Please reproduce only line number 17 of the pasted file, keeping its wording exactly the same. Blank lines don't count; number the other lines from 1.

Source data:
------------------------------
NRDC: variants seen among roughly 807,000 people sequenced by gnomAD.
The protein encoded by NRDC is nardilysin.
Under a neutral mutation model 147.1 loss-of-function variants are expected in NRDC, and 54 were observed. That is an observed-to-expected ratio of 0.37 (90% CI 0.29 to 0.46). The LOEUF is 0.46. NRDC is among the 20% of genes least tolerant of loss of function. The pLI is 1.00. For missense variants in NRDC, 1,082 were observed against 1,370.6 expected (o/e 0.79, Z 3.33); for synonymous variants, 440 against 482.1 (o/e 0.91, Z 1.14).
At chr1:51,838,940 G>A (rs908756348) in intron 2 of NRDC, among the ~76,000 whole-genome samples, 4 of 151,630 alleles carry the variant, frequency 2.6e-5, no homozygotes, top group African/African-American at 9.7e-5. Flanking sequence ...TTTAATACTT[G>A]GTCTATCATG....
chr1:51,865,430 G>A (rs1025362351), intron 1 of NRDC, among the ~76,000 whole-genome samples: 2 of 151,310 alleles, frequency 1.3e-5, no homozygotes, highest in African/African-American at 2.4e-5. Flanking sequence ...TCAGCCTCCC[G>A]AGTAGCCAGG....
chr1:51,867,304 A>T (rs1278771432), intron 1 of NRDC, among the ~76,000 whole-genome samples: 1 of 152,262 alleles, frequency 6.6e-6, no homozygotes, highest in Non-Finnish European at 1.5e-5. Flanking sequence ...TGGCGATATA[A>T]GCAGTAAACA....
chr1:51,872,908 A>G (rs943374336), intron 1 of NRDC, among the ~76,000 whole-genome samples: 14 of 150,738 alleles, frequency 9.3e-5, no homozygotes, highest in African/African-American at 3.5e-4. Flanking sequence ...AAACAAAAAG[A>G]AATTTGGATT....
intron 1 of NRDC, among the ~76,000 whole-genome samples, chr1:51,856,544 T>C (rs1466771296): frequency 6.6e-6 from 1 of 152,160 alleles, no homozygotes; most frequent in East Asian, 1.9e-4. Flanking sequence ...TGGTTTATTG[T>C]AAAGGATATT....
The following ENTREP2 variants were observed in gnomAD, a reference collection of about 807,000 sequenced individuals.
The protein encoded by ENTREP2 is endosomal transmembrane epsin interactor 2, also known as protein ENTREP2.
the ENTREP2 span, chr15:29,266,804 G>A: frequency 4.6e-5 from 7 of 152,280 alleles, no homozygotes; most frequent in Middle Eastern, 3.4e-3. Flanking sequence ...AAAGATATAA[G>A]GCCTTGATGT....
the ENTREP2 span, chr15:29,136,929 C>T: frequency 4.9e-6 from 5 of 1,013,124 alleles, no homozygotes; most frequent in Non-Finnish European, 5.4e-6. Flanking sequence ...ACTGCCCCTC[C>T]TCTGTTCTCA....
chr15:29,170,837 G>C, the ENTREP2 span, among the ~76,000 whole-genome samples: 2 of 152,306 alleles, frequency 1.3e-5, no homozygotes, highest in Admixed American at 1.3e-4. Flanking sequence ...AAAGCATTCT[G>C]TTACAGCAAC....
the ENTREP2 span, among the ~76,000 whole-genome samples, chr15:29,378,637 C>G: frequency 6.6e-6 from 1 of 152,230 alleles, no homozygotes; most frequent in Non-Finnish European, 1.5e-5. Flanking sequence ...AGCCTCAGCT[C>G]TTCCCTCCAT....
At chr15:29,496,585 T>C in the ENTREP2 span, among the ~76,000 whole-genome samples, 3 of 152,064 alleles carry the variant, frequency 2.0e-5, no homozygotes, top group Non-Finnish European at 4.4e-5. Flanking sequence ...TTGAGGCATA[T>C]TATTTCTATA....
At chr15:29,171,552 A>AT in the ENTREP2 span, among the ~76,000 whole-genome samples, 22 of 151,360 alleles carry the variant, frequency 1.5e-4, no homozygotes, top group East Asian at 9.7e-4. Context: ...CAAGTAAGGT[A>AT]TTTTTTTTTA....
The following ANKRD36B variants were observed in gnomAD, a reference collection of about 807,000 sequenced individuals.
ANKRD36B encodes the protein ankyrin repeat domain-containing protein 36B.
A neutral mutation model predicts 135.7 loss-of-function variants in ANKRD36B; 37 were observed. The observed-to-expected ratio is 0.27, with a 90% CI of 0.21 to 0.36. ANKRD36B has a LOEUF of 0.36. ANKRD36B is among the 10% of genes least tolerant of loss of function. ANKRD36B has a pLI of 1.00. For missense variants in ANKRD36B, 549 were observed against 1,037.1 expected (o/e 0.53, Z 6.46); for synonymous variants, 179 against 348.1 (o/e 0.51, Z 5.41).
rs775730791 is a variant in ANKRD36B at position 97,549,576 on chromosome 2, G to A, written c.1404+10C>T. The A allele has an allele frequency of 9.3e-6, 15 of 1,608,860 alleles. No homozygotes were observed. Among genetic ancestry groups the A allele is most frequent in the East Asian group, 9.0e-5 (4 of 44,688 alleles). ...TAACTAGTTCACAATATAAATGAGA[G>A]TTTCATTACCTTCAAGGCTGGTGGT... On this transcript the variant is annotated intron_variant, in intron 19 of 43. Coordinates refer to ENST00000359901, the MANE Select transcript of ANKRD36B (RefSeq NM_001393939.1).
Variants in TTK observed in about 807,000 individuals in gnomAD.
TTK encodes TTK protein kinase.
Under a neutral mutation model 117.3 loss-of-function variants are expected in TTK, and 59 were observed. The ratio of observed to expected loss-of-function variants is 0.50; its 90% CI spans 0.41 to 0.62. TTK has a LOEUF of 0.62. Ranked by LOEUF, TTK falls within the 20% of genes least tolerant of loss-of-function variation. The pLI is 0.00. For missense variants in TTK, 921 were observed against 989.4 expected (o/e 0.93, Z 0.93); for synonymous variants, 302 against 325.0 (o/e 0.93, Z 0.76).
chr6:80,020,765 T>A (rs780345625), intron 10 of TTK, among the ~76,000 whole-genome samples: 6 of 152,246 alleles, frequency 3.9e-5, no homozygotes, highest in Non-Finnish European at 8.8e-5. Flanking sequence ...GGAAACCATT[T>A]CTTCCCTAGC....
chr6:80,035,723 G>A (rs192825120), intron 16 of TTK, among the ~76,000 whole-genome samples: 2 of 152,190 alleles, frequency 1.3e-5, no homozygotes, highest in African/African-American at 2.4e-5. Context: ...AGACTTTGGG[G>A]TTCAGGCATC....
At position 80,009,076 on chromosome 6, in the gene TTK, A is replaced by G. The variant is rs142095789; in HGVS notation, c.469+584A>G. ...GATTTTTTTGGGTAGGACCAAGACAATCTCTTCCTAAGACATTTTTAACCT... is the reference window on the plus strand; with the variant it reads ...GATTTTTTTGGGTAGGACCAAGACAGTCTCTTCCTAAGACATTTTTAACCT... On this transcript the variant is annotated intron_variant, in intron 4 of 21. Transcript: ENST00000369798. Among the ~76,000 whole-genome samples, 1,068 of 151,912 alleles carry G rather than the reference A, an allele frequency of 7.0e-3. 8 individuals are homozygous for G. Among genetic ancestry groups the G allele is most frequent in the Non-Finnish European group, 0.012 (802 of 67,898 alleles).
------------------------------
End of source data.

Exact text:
The following ANKRD36B variants were observed in gnomAD, a reference collection of about 807,000 sequenced individuals.